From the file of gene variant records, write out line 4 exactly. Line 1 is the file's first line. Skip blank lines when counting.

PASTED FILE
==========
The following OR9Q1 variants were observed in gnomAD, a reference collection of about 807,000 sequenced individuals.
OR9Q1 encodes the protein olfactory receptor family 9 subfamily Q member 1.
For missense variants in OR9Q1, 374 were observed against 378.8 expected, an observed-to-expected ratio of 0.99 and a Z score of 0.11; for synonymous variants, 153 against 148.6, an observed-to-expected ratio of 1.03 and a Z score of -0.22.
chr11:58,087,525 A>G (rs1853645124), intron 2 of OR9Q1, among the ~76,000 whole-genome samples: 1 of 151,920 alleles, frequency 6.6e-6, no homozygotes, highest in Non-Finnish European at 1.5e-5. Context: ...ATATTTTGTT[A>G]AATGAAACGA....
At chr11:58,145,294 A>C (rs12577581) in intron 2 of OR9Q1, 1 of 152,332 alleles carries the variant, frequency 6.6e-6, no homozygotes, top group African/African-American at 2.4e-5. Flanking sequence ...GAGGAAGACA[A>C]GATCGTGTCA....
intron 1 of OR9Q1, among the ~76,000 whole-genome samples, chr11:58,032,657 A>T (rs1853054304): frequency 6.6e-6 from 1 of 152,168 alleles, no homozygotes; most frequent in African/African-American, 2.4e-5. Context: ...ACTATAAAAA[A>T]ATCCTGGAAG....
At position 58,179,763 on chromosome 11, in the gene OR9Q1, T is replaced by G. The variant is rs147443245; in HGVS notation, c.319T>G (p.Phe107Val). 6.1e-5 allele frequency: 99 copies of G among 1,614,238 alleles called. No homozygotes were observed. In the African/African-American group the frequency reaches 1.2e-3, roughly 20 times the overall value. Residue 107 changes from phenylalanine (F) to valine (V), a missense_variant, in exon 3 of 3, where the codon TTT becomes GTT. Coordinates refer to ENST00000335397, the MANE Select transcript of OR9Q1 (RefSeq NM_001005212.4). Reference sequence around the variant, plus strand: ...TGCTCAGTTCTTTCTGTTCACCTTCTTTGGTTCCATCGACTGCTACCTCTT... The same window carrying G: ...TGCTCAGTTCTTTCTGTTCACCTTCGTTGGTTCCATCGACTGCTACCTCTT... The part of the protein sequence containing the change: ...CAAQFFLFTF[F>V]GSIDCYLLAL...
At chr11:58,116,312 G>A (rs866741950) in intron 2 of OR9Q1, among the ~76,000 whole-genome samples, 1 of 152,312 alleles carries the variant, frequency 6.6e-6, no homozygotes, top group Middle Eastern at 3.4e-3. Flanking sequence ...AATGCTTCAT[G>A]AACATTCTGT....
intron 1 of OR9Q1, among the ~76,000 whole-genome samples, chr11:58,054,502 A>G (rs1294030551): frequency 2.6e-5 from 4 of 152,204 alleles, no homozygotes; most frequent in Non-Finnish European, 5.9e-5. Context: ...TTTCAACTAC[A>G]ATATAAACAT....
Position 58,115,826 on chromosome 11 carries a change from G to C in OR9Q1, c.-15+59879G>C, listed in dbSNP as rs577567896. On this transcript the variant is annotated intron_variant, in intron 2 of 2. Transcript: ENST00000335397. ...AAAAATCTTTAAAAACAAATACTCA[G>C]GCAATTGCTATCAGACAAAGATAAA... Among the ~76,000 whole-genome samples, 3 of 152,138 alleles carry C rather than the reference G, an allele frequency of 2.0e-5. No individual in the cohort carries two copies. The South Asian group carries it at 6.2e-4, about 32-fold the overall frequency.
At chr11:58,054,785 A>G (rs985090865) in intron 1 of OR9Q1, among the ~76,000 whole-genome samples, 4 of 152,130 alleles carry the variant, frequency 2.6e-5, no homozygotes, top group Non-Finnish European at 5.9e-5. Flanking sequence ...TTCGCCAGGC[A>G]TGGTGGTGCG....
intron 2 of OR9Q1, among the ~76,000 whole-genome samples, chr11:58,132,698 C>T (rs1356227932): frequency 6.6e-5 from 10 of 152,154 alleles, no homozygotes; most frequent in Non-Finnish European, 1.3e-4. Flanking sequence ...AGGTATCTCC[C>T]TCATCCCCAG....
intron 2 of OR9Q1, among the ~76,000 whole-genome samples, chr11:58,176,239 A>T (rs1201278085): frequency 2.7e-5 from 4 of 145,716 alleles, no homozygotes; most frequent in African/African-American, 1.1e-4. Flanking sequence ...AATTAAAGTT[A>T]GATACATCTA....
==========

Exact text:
chr11:58,087,525 A>G (rs1853645124), intron 2 of OR9Q1, among the ~76,000 whole-genome samples: 1 of 151,920 alleles, frequency 6.6e-6, no homozygotes, highest in Non-Finnish European at 1.5e-5. Context: ...ATATTTTGTT[A>G]AATGAAACGA....